15.1 ADAM ETS components selection

Remark. The model selection mechanism explained in this section is also used in the es() function from the smooth package. So, all the options for ADAM discussed here can be used in case of es() as well.

Having 30 ETS models to choose from, selecting the most appropriate one becomes challenging. Petropoulos et al. (2018b) show that human experts can do this task successfully if they need to decide which components to include in the time series. However, when you face the problem of fitting ETS to thousands of time series, the judgmental selection becomes infeasible. Using some automatic selection becomes critically important.

The basic idea underlying the components selection in ETS is based on information criteria (Section 16.4 of Svetunkov, 2022a). The general procedure consists of the following three steps:

  1. we define a pool of models,
  2. we fit those models,
  3. and we select the one that has the lowest information criterion.

Using this approach in the ETS context was first proposed by Hyndman et al. (2002). Based on this, we can prepare a pool of models (e.g. based on our understanding of the problem) and then select the most appropriate one for our data. The adam() function in the smooth package supports the following options for the pools:

  1. Pool of all 30 models (Section 4.1), model="FFF";
  2. Pool of pure additive models (Section 5.1), model="XXX". As an option, “X” can also be used to tell function to only try additive component on the selected place. e.g. model="MXM" will tell function to only test ETS(M,N,M), ETS(M,A,M) and ETS(M,Ad,M) models;
  3. Pool of pure multiplicative models (Section 6.1), model="YYY". Similarly to (2), we can tell adam() to only consider multiplicative component in a specific place. e.g. model="YNY" will consider only ETS(M,N,N) and ETS(M,N,M);
  4. Pool of pure models only, model="PPP" – this is a shortcut for doing (2) and (3) and then selecting the best between the two pools;
  5. Manual pool of models, which can be provided as a vector of models, for example: model=c("ANN","MNN","ANA","AAN");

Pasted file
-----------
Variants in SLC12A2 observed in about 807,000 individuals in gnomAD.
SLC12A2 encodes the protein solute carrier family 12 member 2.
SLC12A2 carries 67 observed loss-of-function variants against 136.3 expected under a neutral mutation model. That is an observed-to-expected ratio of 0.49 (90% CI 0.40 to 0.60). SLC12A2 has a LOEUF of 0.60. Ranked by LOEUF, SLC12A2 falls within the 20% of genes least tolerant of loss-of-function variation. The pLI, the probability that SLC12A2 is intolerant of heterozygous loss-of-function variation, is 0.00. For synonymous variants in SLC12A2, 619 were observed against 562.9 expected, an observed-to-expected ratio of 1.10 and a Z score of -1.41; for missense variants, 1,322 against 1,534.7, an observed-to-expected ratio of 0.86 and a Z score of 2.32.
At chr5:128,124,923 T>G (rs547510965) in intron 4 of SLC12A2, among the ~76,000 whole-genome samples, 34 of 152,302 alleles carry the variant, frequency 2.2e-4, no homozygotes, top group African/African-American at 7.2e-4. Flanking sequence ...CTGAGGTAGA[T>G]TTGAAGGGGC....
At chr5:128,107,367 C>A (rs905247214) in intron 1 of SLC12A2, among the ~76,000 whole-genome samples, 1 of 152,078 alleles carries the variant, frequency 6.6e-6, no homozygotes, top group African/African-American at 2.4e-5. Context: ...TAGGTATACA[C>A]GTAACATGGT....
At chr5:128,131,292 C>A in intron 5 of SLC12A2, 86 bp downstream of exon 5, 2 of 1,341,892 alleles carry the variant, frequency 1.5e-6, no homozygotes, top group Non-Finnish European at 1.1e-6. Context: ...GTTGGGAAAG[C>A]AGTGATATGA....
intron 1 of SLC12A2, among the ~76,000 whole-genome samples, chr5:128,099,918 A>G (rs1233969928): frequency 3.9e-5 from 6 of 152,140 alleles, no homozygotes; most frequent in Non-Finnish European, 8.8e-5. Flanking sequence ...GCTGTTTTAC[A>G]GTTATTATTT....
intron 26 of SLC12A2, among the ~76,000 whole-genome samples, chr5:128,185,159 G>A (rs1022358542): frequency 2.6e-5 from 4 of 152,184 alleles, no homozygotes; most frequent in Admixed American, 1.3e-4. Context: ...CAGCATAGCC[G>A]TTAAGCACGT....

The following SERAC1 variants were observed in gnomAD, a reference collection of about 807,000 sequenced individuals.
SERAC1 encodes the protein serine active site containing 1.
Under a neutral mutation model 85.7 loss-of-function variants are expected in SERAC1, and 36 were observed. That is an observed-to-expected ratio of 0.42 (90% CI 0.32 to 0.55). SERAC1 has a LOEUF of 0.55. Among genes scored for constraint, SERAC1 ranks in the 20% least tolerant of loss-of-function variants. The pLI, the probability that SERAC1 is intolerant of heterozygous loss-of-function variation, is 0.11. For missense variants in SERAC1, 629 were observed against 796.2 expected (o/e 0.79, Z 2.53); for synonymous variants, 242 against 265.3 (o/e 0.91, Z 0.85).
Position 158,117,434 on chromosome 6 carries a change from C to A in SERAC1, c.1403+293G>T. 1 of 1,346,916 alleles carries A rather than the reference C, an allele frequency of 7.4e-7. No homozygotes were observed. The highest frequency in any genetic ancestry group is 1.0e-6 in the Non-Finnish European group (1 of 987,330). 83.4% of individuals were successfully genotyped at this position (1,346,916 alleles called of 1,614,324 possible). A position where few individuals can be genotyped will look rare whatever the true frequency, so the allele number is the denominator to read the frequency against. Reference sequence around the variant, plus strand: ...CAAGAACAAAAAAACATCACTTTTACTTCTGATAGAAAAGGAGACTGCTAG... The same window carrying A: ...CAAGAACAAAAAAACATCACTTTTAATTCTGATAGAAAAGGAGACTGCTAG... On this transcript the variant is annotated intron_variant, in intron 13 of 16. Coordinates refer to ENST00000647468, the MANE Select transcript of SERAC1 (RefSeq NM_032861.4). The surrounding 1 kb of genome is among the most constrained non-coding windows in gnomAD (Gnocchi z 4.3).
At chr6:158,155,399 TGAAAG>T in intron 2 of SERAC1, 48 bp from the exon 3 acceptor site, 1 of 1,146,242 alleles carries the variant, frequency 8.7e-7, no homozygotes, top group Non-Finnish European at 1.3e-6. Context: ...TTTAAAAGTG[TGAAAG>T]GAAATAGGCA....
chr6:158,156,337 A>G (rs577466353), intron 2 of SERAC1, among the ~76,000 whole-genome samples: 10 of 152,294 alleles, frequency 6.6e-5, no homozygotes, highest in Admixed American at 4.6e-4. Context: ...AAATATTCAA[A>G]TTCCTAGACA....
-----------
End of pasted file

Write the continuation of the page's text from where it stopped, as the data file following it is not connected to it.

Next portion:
6. model="ZZZ", which triggers the selection among all possible models based on a branch-and-bound algorithm (see below).

In the cases above, adam() will try different models and select the most appropriate one from the predefined pool. There is a trade-off when deciding which pool to use: if you provide the bigger one, it will take more time to find the appropriate model, and there is a risk of overfitting the data; if you provide the smaller pool, then the optimal model might be outside of it, giving you the sub-optimal one.

Furthermore, in some situations, you might not need to go through all 30 models because, for example, the seasonal component is not required for the data. Trying out all the models would be just a waste of time. So, to address this issue, I have developed a branch-and-bound algorithm for the selection of the most appropriate ETS model, which is triggered via model="ZZZ" (the same mechanism is used in the es() function). The idea of the algorithm is to drop the components that do not improve the model. Here is how it works:

  1. Apply ETS(A,N,N) to the data, calculate an information criterion (IC);
  2. Apply ETS(A,N,A) to the data, calculate IC. If it is lower than (1), then this means that there is some seasonal component in the data, move to step (3). Otherwise, go to (4);
  3. Apply ETS(M,N,M) model and calculate IC. If it is lower than the previous one, then the data exhibits multiplicative seasonality. Go to (4);